Ford v. City of Yakima

Summarized by:

  • Court: 9th Circuit Court of Appeals Archives
  • Area(s) of Law: Civil Rights § 1983
  • Date Filed: 02-08-2013
  • Case #: 11-35319
  • Judge(s)/Court Below: Per curiam; Circuit Judges Hug and Nelson; Dissent by Circuit Judge Callahan.
  • Full Text Opinion

A police officer who arrests an individual due to retaliatory animus, even if there is probable cause, violates a clearly established right for the purpose of § 1983.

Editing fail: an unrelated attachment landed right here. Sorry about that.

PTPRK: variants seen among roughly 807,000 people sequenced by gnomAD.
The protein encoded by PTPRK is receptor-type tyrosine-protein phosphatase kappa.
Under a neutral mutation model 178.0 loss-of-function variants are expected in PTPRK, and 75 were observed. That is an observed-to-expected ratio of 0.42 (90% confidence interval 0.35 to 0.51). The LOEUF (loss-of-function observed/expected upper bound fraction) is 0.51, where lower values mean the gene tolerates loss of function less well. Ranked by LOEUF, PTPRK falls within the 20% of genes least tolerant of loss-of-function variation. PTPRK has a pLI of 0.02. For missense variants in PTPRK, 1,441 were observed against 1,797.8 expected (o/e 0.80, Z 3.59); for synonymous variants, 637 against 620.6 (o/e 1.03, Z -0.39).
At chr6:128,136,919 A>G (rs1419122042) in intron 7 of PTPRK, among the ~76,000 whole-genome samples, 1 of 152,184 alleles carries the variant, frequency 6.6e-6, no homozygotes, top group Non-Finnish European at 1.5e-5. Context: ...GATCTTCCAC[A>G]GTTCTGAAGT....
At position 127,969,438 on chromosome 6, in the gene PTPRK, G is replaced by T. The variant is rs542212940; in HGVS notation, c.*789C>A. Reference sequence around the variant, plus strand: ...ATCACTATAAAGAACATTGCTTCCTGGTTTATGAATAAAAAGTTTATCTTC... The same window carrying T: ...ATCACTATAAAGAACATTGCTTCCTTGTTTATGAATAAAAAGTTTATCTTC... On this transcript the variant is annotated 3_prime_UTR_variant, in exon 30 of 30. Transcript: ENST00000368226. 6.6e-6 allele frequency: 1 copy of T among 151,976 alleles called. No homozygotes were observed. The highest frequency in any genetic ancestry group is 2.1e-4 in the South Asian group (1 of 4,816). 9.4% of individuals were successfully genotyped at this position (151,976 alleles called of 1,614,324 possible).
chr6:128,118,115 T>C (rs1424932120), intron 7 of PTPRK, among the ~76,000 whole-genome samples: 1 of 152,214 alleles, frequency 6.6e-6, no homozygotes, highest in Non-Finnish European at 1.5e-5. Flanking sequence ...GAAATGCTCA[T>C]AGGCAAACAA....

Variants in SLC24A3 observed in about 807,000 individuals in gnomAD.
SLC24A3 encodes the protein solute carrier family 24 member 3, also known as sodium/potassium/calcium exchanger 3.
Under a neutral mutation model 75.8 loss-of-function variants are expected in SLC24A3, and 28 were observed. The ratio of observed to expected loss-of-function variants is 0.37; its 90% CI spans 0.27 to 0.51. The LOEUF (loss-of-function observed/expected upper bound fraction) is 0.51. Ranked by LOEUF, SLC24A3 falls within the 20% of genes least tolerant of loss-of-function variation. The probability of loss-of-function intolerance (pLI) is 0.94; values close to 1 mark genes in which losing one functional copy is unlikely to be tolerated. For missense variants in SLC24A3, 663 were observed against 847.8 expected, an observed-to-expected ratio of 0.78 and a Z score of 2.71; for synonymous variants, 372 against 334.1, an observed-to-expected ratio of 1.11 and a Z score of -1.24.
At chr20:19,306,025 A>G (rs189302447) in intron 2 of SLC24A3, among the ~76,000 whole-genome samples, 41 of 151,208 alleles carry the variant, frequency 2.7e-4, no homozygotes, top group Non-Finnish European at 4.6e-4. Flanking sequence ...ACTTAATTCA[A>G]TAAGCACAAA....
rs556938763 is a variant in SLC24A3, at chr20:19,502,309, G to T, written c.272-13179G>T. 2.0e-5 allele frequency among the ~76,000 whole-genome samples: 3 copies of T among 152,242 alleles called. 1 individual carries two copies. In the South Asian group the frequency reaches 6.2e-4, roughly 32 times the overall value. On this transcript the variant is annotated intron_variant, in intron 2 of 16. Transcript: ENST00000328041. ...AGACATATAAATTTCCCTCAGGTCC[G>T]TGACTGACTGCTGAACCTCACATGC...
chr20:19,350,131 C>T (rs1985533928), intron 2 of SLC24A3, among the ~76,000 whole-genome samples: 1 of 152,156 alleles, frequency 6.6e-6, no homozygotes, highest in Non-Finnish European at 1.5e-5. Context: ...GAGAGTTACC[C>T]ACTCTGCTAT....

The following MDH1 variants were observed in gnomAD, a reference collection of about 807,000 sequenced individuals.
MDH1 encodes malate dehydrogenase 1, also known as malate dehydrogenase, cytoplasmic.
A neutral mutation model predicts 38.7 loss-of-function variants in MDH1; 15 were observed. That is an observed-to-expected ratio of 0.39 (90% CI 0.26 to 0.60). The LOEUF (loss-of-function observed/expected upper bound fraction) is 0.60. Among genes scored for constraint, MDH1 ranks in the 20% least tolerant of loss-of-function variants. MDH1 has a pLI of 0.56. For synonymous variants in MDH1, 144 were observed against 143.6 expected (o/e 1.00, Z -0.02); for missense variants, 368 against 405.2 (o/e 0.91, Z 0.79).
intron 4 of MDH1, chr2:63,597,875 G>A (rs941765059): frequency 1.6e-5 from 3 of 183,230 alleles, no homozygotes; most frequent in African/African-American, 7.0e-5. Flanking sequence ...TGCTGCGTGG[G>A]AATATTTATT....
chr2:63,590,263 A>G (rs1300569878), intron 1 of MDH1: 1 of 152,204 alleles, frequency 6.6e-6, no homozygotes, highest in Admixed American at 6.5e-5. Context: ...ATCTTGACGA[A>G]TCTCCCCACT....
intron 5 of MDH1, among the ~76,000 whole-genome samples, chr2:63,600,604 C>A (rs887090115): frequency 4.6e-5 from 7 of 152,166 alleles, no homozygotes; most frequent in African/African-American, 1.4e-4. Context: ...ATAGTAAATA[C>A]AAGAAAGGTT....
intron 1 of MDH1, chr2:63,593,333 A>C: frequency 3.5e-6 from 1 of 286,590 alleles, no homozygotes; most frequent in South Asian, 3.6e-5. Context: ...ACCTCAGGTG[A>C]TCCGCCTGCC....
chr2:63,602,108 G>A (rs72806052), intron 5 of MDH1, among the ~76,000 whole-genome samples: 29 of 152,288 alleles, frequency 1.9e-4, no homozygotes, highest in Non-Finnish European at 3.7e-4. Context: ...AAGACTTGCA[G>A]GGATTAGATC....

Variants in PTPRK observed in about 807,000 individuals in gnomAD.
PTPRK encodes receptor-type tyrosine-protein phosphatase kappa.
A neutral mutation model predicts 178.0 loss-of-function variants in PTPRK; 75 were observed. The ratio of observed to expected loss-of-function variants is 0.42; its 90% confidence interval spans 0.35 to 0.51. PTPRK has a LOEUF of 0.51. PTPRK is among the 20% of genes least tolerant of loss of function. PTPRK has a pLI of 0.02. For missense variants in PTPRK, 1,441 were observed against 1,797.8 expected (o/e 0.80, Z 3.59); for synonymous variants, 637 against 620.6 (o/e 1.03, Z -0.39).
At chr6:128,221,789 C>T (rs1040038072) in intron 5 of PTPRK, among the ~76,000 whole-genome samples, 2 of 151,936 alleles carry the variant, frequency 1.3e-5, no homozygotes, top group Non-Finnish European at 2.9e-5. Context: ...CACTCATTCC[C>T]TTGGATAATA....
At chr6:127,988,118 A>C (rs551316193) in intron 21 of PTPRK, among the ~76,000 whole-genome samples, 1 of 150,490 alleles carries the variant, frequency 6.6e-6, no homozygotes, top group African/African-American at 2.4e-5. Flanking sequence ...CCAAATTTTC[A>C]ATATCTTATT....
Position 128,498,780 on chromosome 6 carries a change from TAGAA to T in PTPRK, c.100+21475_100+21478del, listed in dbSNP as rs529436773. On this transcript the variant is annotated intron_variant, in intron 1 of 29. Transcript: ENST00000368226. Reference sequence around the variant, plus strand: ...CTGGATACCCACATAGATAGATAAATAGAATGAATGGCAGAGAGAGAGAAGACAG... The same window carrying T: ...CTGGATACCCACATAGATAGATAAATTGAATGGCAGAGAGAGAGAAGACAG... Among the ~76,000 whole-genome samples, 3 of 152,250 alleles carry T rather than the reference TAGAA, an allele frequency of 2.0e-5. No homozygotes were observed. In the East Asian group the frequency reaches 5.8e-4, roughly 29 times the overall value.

Officer Urlacher initially detained Ford during a traffic stop for violation of a noise ordinance. As Ford retrieved his license and registration, he stated that he thought the traffic stop was racially motivated. Urlacher told Ford, Lieutenant Wentz, and the back-up officer that Ford would only receive a ticket if he stopped "running the mouth," and would be arrested if he did not stop. Ford was arrested and prosecuted for violation of the City of Yakima noise ordinance; he was acquitted. Ford sued the city, Urlacher and Wentz under 42 U.S.C. § 1983. The District Court ruled that there was no constitutional violation as a matter of law, and granted appellee's motion for summary judgment. It did not reach the issue of qualified immunity. In the Ninth Circuit, it is settled law than an individual has a right to be "free from police action motivated by retaliatory animus but for which there was probable cause." The Ninth Circuit held this right was violated. Ford's criticism of the police fell within First Amendment protection. Ford demonstrated that the officer's conduct would chill speech, and that a desire to chill speech was the but-for cause of the officer's unlawful conduct. Officer Urlacher is not entitled to qualified immunity, because the right was clearly established at the time of the violation, and Washington law clearly lists the limited factors that allow a police officer to book and jail an arrestee. REVERSED and REMANDED.

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